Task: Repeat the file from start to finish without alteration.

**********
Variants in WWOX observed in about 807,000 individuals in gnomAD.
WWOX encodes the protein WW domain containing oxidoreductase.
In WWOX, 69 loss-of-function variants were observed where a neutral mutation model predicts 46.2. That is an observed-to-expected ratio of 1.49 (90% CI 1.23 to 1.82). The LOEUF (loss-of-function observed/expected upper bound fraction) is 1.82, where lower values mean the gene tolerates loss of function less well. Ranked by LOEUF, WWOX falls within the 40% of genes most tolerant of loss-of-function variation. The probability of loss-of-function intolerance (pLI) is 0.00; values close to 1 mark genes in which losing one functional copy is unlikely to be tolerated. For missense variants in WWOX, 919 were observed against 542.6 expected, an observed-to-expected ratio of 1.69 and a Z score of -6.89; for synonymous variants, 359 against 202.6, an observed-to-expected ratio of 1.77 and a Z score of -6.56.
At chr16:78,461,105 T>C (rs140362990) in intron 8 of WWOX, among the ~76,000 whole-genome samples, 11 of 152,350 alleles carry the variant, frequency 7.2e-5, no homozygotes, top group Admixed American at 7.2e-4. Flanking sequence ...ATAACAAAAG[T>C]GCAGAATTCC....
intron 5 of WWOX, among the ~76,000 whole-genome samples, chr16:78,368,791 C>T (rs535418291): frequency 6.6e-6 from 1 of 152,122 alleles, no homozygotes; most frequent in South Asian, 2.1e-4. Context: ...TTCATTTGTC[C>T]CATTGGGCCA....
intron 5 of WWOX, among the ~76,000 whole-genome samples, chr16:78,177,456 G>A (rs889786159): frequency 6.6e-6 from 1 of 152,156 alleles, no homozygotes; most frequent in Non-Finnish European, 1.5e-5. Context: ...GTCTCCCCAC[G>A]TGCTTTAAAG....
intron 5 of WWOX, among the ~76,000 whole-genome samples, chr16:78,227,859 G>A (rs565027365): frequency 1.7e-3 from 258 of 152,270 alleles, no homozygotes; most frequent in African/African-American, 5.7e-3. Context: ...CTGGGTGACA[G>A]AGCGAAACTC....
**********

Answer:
Variants in WWOX observed in about 807,000 individuals in gnomAD.
WWOX encodes the protein WW domain containing oxidoreductase.
In WWOX, 69 loss-of-function variants were observed where a neutral mutation model predicts 46.2. That is an observed-to-expected ratio of 1.49 (90% CI 1.23 to 1.82). The LOEUF (loss-of-function observed/expected upper bound fraction) is 1.82, where lower values mean the gene tolerates loss of function less well. Ranked by LOEUF, WWOX falls within the 40% of genes most tolerant of loss-of-function variation. The probability of loss-of-function intolerance (pLI) is 0.00; values close to 1 mark genes in which losing one functional copy is unlikely to be tolerated. For missense variants in WWOX, 919 were observed against 542.6 expected, an observed-to-expected ratio of 1.69 and a Z score of -6.89; for synonymous variants, 359 against 202.6, an observed-to-expected ratio of 1.77 and a Z score of -6.56.
At chr16:78,461,105 T>C (rs140362990) in intron 8 of WWOX, among the ~76,000 whole-genome samples, 11 of 152,350 alleles carry the variant, frequency 7.2e-5, no homozygotes, top group Admixed American at 7.2e-4. Flanking sequence ...ATAACAAAAG[T>C]GCAGAATTCC....
intron 5 of WWOX, among the ~76,000 whole-genome samples, chr16:78,368,791 C>T (rs535418291): frequency 6.6e-6 from 1 of 152,122 alleles, no homozygotes; most frequent in South Asian, 2.1e-4. Context: ...TTCATTTGTC[C>T]CATTGGGCCA....
intron 5 of WWOX, among the ~76,000 whole-genome samples, chr16:78,177,456 G>A (rs889786159): frequency 6.6e-6 from 1 of 152,156 alleles, no homozygotes; most frequent in Non-Finnish European, 1.5e-5. Context: ...GTCTCCCCAC[G>A]TGCTTTAAAG....
intron 5 of WWOX, among the ~76,000 whole-genome samples, chr16:78,227,859 G>A (rs565027365): frequency 1.7e-3 from 258 of 152,270 alleles, no homozygotes; most frequent in African/African-American, 5.7e-3. Context: ...CTGGGTGACA[G>A]AGCGAAACTC....